Council and the woman who led the team recovering oiled Bald Eagles after the
Exxon Valdez spill, was turned away from helping--literally prohibited from
providing her valuable expertise--as were countless other specialists experienced
in retrieving oiled pelicans and other birds along the Florida and California
coasts. BP, the US Fish and Wildlife Service, conservation organizations, and
the media gave out phone numbers for people to call if they wanted to help, and
those of us who called were told we'd be notified if our services were
necessary, but I know of no one who was ever called back. Qualified people with
years of expertise in helping animals after oil spills waited for phone calls or
email that never came. Marge Gibson waited for months with her bags packed.
What changed between the Exxon and BP spills was that the companies learned from
what they considered Exxon's P.R. mistakes. They learned that preventing
access to the area and trying to minimize photographic evidence was the way to
go. If the public doesn't see it, it does not exist. Exxon has been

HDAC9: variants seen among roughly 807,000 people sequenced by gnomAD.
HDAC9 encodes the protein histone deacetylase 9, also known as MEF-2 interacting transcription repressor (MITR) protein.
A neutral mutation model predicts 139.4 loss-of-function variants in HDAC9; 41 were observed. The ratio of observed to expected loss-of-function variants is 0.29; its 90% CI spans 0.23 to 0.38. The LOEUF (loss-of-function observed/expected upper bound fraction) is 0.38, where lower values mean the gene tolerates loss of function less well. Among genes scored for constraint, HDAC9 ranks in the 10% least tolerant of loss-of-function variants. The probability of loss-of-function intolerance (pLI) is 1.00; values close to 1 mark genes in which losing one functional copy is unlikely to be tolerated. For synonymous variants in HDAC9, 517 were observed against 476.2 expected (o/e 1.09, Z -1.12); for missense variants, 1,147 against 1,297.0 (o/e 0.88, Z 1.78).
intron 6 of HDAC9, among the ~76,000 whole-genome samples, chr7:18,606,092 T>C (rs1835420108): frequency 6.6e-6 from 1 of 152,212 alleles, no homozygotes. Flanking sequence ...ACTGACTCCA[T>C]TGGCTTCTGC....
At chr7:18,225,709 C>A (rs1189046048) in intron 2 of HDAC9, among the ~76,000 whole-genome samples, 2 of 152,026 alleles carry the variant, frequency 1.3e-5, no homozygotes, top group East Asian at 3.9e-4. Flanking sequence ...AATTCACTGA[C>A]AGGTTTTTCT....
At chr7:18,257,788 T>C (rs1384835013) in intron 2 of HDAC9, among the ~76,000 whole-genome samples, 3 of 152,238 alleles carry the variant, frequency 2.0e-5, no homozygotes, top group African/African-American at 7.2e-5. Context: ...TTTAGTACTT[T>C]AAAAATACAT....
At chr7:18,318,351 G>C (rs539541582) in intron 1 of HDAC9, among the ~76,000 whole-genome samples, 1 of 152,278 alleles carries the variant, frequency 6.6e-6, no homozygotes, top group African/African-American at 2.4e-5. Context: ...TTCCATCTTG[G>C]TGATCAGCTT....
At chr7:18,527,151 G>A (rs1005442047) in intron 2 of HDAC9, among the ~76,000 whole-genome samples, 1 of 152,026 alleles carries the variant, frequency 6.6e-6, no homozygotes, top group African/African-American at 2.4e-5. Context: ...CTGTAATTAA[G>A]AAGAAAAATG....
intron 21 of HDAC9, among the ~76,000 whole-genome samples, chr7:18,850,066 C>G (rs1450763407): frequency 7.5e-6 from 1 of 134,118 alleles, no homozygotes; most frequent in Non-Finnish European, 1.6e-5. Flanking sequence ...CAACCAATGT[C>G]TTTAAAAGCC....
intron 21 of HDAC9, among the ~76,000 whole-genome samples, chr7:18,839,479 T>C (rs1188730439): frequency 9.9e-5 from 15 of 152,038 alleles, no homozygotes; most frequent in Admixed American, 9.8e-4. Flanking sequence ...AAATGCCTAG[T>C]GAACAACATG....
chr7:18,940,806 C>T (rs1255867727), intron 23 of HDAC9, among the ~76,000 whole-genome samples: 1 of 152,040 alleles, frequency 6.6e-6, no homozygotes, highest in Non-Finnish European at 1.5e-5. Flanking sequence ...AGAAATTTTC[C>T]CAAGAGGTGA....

judged severely for the Valdez accident, but in fact, after the spill they did
their honest best, enlisting top scientists worldwide that were not just
suits--they wore survival gear because they were physically on site--in ships and
on the ground. I was there. I worked with them.
That spill was an open book not only for the public, but for the scientists that
worked on it. B.P. decided that was not good because scientists document
their work and put the data and their findings in the literature where it is
available forever. The scientists who were allowed to produce studies in the
aftermath of the BP spill had to sign away their rights to publish any of them
for at least 5 years.